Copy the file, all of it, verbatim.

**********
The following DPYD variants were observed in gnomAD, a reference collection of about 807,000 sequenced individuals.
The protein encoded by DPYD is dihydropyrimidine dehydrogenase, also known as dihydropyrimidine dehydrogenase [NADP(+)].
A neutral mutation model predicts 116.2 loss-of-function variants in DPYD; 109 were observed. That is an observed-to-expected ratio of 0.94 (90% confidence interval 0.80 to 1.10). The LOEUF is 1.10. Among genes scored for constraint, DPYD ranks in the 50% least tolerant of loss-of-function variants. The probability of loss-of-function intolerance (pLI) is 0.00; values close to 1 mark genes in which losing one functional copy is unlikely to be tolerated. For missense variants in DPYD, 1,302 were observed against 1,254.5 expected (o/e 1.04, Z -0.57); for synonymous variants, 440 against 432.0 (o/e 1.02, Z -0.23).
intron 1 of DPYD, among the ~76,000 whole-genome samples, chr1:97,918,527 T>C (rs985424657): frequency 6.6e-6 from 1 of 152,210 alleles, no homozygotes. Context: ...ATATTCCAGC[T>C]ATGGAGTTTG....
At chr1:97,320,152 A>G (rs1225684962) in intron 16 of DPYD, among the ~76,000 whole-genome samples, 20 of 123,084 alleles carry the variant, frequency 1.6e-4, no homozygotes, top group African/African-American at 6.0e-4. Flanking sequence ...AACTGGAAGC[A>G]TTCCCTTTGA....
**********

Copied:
The following DPYD variants were observed in gnomAD, a reference collection of about 807,000 sequenced individuals.
The protein encoded by DPYD is dihydropyrimidine dehydrogenase, also known as dihydropyrimidine dehydrogenase [NADP(+)].
A neutral mutation model predicts 116.2 loss-of-function variants in DPYD; 109 were observed. That is an observed-to-expected ratio of 0.94 (90% confidence interval 0.80 to 1.10). The LOEUF is 1.10. Among genes scored for constraint, DPYD ranks in the 50% least tolerant of loss-of-function variants. The probability of loss-of-function intolerance (pLI) is 0.00; values close to 1 mark genes in which losing one functional copy is unlikely to be tolerated. For missense variants in DPYD, 1,302 were observed against 1,254.5 expected (o/e 1.04, Z -0.57); for synonymous variants, 440 against 432.0 (o/e 1.02, Z -0.23).
intron 1 of DPYD, among the ~76,000 whole-genome samples, chr1:97,918,527 T>C (rs985424657): frequency 6.6e-6 from 1 of 152,210 alleles, no homozygotes. Context: ...ATATTCCAGC[T>C]ATGGAGTTTG....
At chr1:97,320,152 A>G (rs1225684962) in intron 16 of DPYD, among the ~76,000 whole-genome samples, 20 of 123,084 alleles carry the variant, frequency 1.6e-4, no homozygotes, top group African/African-American at 6.0e-4. Flanking sequence ...AACTGGAAGC[A>G]TTCCCTTTGA....